For centuries, dalits have been at the bottom of the income and social ladders, despised and exploited. Independent India aimed to improve their lot through job reservations, but with very limited results. Nevertheless, empowerment through democracy and economic opportunities created by 20 years of economic reform have created an astonishing new phenomenon—the rise of dalit millionaires.
They have now established a Dalit Chambers of Commerce and Industry in Mumbai. It is no more than a start. But at long last, some dalits have ceased to be objects of pity, and become objects of envy.
The Economic Times has been running a series of features since July 18 on dalit entrepreneurs. Many came from lower middle class families, got a decent education, and then made good. But others came from labourer families, and their rise is especially heartening.
Bhagwan Gawai worked as a construction labourer as a boy in Mumbai. But he completed school and college, and then joined HPCL. He always got good appraisals but these were tampered with by caste-conscious colleagues, so he was denied the promotions he deserved. He sued HPCL on grounds of discrimination, and won. Later HPCL posted him in Dubai. There he acquired Arab friends who became his partners in a new trading business. This business now has a turnover of a whopping $20 million. He has also brought 30 dalit entrepreneurs together under a holding company, Maitreya Developers.
Sushil Patil’s father was a labourer in an ordnance factory, who educated his son. He had to plead with the college dean to waive the last year’s fees, which he could not afford. The investment paid off. Sushil was employed in various firms, but then decided to start his own business, with the help of small loans. He failed in a series of ventures. But he persevered, and ultimately set up a firm, IEPC, providing engineering procurement and construction services. This now has revenues of Rs 280 crore per year.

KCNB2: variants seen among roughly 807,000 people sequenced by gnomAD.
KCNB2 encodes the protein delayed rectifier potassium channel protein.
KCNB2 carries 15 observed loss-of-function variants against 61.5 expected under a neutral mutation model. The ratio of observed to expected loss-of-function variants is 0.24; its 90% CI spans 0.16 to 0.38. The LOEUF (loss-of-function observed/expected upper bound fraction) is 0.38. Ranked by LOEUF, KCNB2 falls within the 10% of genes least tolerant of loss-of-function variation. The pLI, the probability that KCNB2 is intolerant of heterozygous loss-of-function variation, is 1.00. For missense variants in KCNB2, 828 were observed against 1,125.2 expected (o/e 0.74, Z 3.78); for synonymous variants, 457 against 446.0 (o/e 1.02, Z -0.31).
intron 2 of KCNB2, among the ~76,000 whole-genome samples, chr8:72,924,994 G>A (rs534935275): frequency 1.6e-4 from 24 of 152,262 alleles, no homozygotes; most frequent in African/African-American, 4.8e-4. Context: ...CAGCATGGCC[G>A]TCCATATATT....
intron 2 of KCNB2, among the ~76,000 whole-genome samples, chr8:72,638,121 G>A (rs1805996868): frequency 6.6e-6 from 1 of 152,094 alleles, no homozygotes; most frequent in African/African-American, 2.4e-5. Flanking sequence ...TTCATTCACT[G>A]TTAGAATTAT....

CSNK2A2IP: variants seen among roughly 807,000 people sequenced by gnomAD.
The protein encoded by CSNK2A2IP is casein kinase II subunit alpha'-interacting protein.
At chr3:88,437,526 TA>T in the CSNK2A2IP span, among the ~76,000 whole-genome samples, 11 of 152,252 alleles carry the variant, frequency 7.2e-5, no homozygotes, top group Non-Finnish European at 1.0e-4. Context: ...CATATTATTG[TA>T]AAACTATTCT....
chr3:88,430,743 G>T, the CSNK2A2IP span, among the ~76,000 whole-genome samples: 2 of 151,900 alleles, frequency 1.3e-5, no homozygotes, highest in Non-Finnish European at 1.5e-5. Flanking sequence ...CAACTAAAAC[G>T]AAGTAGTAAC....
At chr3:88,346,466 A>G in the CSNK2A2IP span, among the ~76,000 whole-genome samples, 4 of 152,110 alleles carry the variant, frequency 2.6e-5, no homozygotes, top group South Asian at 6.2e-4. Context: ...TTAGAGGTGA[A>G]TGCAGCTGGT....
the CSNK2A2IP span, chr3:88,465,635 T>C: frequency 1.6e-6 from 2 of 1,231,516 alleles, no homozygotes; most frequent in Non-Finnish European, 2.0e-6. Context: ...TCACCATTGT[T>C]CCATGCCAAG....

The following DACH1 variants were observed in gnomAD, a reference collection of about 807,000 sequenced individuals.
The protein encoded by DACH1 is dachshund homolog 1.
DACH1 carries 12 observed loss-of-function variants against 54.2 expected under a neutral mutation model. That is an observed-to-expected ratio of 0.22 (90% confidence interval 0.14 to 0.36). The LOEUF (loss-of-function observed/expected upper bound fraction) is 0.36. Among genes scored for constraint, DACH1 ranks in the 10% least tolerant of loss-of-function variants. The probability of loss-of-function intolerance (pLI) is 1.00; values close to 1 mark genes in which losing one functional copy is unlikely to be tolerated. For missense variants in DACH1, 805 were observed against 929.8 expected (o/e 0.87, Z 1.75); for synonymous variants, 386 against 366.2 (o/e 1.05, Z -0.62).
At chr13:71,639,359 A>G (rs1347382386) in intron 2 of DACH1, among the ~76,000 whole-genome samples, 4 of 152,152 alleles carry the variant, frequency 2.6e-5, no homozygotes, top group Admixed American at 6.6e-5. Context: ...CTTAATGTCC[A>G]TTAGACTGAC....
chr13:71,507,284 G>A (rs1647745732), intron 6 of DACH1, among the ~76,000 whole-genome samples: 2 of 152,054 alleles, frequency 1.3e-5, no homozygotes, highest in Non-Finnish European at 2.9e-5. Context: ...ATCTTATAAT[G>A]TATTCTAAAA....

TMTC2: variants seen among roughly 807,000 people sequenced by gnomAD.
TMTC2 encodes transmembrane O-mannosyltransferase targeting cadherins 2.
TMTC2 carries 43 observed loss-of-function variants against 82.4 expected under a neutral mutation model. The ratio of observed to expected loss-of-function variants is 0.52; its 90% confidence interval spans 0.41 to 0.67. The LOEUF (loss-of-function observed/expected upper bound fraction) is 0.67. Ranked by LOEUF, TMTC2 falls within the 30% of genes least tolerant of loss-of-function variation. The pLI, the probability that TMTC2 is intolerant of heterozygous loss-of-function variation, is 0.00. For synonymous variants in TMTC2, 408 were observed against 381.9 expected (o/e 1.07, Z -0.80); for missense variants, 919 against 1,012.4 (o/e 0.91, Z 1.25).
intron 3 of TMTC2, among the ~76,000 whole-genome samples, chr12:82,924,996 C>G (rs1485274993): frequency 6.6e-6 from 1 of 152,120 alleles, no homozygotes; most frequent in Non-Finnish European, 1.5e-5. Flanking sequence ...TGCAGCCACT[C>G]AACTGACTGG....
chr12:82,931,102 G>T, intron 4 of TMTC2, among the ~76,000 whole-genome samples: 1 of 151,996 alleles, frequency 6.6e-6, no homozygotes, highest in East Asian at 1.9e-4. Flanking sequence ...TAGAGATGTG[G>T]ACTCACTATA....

Ashok Khade’s father was a cobbler, working under a tree in Mumbai. Ashok went to college and then joined Mazagon Docks. He acquired skills in offshore maintenance and construction. Today, his company DAS Offshore is a major offshore services company and he now plans a jetty fabrication yard that will employ 2,500 workers. He does not believe in caste reservation—only 1% of his workers are dalits.
Another dalit, Balu, manufactures soldering equipment with revenues of Rs 2.5 crore. He says 32 girls in a row rejected him as a marriage partner because of his poor prospects! His weak business was regarded as insecure. He says many dalit businessmen hide their caste identity to avoid social sigma and loss of business. That mentality sorely needs to change.
In all these cases, education was a key input. Alas, rural government schools are so terrible that many dalits remain functionally illiterate and handicapped. Even so, they have made astonishing strides in the last 20 years, as revealed by a seminal study by Devesh Kapur and others.
This study looked at dalits in blocks in western and eastern Uttar Pradesh. The proportion of dalits owning their own business was up from 6% to 36.7% in western UP, and from 4.2% to 11% in eastern UP. The proportion in non-traditional occupations (like tailors, masons etc) was up from 14% to 37% in the east, and from 9.3% to 42% in western UP.
Many dalits in eastern UP were once locked into the halwaha (bonded labour) system. This has virtually disappeared: the halwaha proportion is down from 32.1% to 1.1%. The proportion of dalit households doing any farm labour has plummeted from 76% to 45.6% in the east, and from 46.1% to just 20.5% in the west. Encouragingly, the proportion depending on their own land is up from 16.6% to 28.4% in the east, and from 50.5% to 67.6% in the west.
Political parties shout themselves hoarse over job reservations. Yet, the dalit family proportion in government jobs has actually fallen from 7.2% to 6.8% in the east, and risen marginally from 5% to 7.3% in the west. Clearly, job reservation has not been a key factor in UP’s social revolution. The main drivers of improvement have been the new opportunities arising from fast growth created by economic reforms, plus the empowerment drive of dalit chief minister Mayawati.
Indian leftists keep chanting that economic reforms have created new inequalities. They may even criticize the rise of dalit millionaires as a new sort of inequality. Phooey! This is a magnificent success. It shows that dalits have become empowered enough to soar into the millionaire range. Long live such inequality!